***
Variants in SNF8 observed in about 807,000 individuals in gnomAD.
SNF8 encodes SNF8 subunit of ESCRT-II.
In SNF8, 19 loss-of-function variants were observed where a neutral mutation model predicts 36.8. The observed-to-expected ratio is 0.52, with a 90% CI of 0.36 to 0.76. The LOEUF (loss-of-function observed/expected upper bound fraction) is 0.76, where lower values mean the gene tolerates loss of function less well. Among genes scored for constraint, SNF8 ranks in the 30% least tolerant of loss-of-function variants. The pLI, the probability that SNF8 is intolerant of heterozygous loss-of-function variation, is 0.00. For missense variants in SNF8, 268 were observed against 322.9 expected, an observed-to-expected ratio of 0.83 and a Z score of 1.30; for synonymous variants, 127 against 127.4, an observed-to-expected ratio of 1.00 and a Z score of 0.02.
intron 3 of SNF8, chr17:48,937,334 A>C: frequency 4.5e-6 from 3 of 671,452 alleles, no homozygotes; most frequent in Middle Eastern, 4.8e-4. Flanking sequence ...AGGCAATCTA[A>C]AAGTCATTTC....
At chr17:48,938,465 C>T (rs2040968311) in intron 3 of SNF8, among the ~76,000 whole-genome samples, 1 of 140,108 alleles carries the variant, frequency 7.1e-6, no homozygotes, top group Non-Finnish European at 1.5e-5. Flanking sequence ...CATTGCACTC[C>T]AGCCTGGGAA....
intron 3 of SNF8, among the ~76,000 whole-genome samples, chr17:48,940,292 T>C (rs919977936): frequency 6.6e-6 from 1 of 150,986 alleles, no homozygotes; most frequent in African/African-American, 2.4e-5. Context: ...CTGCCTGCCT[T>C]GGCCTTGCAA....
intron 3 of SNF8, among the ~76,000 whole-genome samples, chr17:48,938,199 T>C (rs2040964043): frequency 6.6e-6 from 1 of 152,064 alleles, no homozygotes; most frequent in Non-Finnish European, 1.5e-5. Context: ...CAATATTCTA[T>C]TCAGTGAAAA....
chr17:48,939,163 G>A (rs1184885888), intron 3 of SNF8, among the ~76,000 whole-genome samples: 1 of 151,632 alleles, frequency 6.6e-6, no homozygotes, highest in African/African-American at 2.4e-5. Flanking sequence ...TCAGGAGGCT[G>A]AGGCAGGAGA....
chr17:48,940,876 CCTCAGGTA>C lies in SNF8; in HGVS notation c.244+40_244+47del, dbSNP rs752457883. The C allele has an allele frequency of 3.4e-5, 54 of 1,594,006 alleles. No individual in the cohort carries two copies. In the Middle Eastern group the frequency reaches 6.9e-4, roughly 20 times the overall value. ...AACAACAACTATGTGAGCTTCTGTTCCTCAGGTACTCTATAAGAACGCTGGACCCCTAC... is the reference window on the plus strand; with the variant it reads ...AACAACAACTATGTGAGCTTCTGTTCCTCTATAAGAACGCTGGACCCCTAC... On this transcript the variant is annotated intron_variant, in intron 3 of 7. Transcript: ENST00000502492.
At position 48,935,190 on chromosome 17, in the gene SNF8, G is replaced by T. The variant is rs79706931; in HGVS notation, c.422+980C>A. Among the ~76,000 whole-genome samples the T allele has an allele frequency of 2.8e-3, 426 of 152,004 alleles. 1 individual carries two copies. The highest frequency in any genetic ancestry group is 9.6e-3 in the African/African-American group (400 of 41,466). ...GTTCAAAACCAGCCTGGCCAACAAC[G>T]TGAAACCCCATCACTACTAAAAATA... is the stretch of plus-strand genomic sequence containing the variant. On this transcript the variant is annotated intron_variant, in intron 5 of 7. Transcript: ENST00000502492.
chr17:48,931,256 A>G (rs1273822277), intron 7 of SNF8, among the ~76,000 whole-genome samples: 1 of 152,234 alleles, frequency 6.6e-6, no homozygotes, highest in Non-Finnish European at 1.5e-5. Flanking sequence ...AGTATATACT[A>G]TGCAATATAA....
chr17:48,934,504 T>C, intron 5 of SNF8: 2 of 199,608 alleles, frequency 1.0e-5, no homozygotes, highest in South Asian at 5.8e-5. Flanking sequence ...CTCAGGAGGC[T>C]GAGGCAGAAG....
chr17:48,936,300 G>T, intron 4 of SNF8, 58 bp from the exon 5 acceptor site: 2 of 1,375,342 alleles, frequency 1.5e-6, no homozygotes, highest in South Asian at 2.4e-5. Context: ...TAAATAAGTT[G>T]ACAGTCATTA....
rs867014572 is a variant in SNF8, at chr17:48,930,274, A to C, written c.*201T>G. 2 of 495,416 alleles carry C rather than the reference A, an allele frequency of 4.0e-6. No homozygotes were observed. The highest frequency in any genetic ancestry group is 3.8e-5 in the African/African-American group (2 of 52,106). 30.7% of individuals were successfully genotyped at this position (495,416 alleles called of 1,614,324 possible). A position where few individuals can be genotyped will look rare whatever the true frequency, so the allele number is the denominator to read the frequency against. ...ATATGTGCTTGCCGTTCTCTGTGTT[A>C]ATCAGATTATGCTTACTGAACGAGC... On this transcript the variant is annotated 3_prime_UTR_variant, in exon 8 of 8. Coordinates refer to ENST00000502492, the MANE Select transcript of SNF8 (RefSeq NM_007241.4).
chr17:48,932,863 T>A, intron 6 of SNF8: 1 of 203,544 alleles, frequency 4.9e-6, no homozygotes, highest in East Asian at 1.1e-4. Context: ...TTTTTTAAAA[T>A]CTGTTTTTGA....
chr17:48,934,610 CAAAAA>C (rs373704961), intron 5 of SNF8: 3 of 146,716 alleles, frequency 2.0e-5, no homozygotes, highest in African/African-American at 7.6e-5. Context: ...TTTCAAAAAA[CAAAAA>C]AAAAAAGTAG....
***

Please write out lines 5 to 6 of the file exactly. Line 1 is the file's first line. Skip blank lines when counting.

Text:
At chr17:48,938,465 C>T (rs2040968311) in intron 3 of SNF8, among the ~76,000 whole-genome samples, 1 of 140,108 alleles carries the variant, frequency 7.1e-6, no homozygotes, top group Non-Finnish European at 1.5e-5. Flanking sequence ...CATTGCACTC[C>T]AGCCTGGGAA....
intron 3 of SNF8, among the ~76,000 whole-genome samples, chr17:48,940,292 T>C (rs919977936): frequency 6.6e-6 from 1 of 150,986 alleles, no homozygotes; most frequent in African/African-American, 2.4e-5. Context: ...CTGCCTGCCT[T>C]GGCCTTGCAA....